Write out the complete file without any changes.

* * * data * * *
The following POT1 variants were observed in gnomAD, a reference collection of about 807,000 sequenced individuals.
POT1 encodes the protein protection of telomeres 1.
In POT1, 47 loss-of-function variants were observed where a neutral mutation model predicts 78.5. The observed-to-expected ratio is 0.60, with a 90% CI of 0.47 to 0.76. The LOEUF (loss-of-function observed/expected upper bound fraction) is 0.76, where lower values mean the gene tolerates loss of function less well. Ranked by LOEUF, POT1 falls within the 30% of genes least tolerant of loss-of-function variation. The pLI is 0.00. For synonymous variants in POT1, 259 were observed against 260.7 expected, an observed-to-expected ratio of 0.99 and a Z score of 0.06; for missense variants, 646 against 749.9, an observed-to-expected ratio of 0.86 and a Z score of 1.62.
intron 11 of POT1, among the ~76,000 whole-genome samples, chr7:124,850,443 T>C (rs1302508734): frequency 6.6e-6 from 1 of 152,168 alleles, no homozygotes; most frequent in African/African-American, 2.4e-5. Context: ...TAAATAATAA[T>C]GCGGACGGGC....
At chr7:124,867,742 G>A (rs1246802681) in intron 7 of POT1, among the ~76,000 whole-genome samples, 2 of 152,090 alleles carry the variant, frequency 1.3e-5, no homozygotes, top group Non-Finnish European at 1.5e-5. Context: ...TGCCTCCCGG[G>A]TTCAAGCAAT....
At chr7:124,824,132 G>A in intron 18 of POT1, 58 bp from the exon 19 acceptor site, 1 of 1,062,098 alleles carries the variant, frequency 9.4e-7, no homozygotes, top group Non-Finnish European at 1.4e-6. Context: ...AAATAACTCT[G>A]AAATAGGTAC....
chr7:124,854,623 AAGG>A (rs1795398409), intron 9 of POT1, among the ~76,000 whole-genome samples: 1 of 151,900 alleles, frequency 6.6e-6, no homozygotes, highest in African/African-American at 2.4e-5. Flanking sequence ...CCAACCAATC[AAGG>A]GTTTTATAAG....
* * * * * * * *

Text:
The following POT1 variants were observed in gnomAD, a reference collection of about 807,000 sequenced individuals.
POT1 encodes the protein protection of telomeres 1.
In POT1, 47 loss-of-function variants were observed where a neutral mutation model predicts 78.5. The observed-to-expected ratio is 0.60, with a 90% CI of 0.47 to 0.76. The LOEUF (loss-of-function observed/expected upper bound fraction) is 0.76, where lower values mean the gene tolerates loss of function less well. Ranked by LOEUF, POT1 falls within the 30% of genes least tolerant of loss-of-function variation. The pLI is 0.00. For synonymous variants in POT1, 259 were observed against 260.7 expected, an observed-to-expected ratio of 0.99 and a Z score of 0.06; for missense variants, 646 against 749.9, an observed-to-expected ratio of 0.86 and a Z score of 1.62.
intron 11 of POT1, among the ~76,000 whole-genome samples, chr7:124,850,443 T>C (rs1302508734): frequency 6.6e-6 from 1 of 152,168 alleles, no homozygotes; most frequent in African/African-American, 2.4e-5. Context: ...TAAATAATAA[T>C]GCGGACGGGC....
At chr7:124,867,742 G>A (rs1246802681) in intron 7 of POT1, among the ~76,000 whole-genome samples, 2 of 152,090 alleles carry the variant, frequency 1.3e-5, no homozygotes, top group Non-Finnish European at 1.5e-5. Context: ...TGCCTCCCGG[G>A]TTCAAGCAAT....
At chr7:124,824,132 G>A in intron 18 of POT1, 58 bp from the exon 19 acceptor site, 1 of 1,062,098 alleles carries the variant, frequency 9.4e-7, no homozygotes, top group Non-Finnish European at 1.4e-6. Context: ...AAATAACTCT[G>A]AAATAGGTAC....
chr7:124,854,623 AAGG>A (rs1795398409), intron 9 of POT1, among the ~76,000 whole-genome samples: 1 of 151,900 alleles, frequency 6.6e-6, no homozygotes, highest in African/African-American at 2.4e-5. Flanking sequence ...CCAACCAATC[AAGG>A]GTTTTATAAG....